Sondheim's consent came with the conditions that he retained complete creative control on what stayed, what was taken out, and what changes and decisions would be made to the project's casting and score (the promise was upheld). But he was cautious of casting Johnny Depp as the lead. After hearing a homemade demo of Depp singing "My Friends" from the musical, Sondheim was convinced. “The fact that he came from a musical background, a rock band, even though he was not a lead singer, I knew he was musical,” Sondheim insists. “I also knew that he was intelligent enough not to allow himself to play this part unless he could handle it vocally.”
Will hardcore fans of Broadway and Stephen Sondheim still be critical of the film re imagining of Sweeney Todd? Yes. But Burton is not disturbed by this. “I always say: this is a movie. If you want to see the Broadway show, go look at the Broadway show. It’s a different thing.”
Helena Bonham Carter recalls one of the first conversations she had with Tim Burton, long before she and Burton got together, about her home place, Hampstead. The director had stayed there while shooting Sleepy Hollow and told the actress that it was the only place in the world where he felt that he truly belonged. Since then, the pair have become a happy, unmarried couple, with a home in Hampstead, England, and four-year-old Billy and a brand-new baby girl, just born this past December. Bonham Carter states that she is very happy with her relationship and family with Mr. Burton. "I think it's to do with our hair - the lack of comb, the lack of hair care," the actress stated.
Of course, Burton was curious about his next project at the time, Planet of the Apes, and Bonham Carter remembers that the very first thing the filmmaker told her was: "I can really see you in an ape mask." Bonham Carter continued, "'He said: 'Don't be offended, but you're the first person I thought of.' Then he explained himself, which was much more intuitive. He said: 'I just got the feeling you like to change what you look like.' And I said: 'You're absolutely right.'"
After Planet of the Apes, Helena Bonham Carter worked with Tim Burton on Big Fish (playing a witch), Charlie and the Chocolate Factory (playing Charlie's poverty-stricken mother), lending her voice for the animated film Corpse Bride (playing the dearly departed bride), and most recently the love-sick, somewhat-maniacal Mrs. Lovett in Sweeney Todd: The Demon Barber of Fleet Street.
Bonham Carter states that the horror/musical is "not feel-good," but she adored playing the part of Mrs. Lovett in the cinematic adaptation of the Stephen Sondheim musical. Bonham Carter is a self-described "musical whore." "I've always loved musicals," she says. "Tim thought I was making Billy gay because that's all I'd sing to him." She even claims that singing for Sweeney Todd may have got her pregnant. "It was all the oxygen. And my pelvic floor has never been so fit. I've got great hopes that after this baby it's going to bounce straight back" (Bonham Carter was pregnant with her and Burton's second child while this interview was being made).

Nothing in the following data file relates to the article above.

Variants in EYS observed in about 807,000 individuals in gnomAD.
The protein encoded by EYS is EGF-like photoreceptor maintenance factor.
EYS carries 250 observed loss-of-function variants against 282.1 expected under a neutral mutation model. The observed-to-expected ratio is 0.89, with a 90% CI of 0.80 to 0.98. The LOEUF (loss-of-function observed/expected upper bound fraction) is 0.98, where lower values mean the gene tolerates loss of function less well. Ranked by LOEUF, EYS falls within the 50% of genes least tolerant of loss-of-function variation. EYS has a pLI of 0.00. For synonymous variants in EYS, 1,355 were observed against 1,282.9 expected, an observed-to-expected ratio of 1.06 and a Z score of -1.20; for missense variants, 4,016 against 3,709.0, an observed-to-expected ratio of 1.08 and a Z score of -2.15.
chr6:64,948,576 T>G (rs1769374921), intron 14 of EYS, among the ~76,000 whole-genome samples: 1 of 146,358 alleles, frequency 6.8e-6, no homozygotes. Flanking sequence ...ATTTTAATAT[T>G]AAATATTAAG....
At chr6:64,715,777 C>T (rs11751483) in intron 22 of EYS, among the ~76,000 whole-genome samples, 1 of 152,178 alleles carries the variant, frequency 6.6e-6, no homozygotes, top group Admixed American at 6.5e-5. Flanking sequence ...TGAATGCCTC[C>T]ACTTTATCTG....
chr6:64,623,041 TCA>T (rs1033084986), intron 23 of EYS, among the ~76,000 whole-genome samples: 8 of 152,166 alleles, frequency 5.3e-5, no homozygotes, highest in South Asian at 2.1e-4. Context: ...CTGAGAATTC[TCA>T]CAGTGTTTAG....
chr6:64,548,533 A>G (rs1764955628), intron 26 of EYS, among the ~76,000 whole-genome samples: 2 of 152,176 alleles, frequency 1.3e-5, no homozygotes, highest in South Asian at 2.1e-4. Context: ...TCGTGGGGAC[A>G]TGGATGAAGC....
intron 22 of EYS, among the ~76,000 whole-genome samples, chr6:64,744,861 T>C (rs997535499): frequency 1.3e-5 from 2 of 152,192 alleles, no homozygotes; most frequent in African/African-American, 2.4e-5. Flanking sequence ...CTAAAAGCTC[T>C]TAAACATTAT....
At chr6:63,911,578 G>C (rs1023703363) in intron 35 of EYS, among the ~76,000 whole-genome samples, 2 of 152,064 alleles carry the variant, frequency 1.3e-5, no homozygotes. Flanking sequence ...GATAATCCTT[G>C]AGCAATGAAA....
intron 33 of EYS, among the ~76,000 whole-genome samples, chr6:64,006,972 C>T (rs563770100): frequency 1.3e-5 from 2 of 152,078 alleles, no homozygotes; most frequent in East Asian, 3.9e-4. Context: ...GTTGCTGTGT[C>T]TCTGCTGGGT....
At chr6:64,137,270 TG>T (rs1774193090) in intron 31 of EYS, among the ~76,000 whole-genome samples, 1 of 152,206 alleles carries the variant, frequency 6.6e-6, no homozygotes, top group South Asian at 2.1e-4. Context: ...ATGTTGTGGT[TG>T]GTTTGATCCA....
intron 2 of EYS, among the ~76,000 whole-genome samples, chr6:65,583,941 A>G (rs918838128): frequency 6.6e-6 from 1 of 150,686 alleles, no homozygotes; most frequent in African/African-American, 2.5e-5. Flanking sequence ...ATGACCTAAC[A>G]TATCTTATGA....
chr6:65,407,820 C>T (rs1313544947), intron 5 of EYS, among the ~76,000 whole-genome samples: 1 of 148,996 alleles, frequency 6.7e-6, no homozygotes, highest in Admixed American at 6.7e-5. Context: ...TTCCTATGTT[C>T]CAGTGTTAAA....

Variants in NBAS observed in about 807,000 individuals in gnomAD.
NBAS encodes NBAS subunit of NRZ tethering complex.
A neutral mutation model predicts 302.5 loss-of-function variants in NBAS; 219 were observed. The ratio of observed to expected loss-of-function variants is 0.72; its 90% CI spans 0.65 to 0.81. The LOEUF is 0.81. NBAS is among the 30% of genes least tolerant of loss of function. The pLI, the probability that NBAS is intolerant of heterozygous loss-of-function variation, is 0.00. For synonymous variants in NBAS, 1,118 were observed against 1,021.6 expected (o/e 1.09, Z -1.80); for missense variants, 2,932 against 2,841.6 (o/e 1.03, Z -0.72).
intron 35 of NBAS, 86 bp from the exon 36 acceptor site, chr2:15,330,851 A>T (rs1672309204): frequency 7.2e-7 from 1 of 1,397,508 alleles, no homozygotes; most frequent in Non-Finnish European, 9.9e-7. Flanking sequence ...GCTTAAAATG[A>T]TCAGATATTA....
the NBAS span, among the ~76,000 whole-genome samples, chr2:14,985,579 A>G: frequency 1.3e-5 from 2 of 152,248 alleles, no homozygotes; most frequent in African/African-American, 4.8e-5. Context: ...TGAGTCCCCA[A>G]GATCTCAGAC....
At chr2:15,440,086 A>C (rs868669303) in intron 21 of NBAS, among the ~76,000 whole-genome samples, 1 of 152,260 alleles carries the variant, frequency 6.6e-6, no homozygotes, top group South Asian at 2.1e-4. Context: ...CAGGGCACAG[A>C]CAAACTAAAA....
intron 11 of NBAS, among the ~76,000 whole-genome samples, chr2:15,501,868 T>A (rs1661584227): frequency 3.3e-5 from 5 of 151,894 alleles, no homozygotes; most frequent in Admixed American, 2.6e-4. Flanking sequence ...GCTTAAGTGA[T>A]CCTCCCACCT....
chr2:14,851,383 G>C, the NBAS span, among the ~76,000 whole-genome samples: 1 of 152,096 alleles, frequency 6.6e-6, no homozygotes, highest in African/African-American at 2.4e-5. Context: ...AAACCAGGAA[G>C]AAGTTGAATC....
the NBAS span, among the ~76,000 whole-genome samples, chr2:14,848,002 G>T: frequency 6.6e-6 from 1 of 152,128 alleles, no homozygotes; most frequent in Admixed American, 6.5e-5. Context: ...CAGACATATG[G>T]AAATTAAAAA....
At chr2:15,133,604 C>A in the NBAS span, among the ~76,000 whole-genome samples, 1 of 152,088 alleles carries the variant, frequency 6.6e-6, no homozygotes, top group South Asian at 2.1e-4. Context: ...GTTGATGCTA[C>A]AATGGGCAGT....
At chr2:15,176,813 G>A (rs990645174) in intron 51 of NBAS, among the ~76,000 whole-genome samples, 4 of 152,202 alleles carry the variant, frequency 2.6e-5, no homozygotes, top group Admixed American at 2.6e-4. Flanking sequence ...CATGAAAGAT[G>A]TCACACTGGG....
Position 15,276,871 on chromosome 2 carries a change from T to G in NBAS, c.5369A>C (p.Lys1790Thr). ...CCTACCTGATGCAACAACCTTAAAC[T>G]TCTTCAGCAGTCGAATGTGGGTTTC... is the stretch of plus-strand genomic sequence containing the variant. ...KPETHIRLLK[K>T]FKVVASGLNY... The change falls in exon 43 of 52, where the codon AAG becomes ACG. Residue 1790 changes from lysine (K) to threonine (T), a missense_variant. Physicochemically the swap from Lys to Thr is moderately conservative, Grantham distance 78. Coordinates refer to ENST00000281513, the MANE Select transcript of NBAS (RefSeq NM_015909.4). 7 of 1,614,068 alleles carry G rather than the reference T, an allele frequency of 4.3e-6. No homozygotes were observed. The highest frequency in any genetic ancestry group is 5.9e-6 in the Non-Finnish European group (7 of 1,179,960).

Sweeney Todd. Composer Stephen Sondheim, not Tim Burton, ultimately had the final say on whether or not she would play Mrs. Lovett. Luckily, after Bonham Carter auditioned for the Broadway legend, she passed Sondheim's test. She describes getting the part as "the most absolutely amazing thing. I just could not believe it. Nor could Tim, actually. He burst into tears. And I burst into tears."
As happy as Bonham Carter and Burton are in their relationship, she admits that their relationship, like any other, has its rockier moments, and not surprisingly when work is the issue. "There are certain stresses that come with working together," says Bonham Carter, particularly alluding to their experiences on shooting Sweeney Todd. "There's no pretence with us, you see. No 'Let's adopt our formal selves'."
But when things got tricky, Johnny Depp was able to step in and act as relationship counselor for the director and actress. Helena said, "Johnny was very helpful because me and Tim would sometimes have little domestics and he was very diplomatic." She continued, saying, "Johnny was very thoughtful because I was pregnant and when you are pregnant, for the first three months it's difficult to concentrate on anything - all your energy goes into the baby. Sometimes he was off-camera and when I had completely forgotten what Tim had told me, Johnny would just sign language, 'Look over there!' or whatever it was I needed to do, so that was particularly helpful!"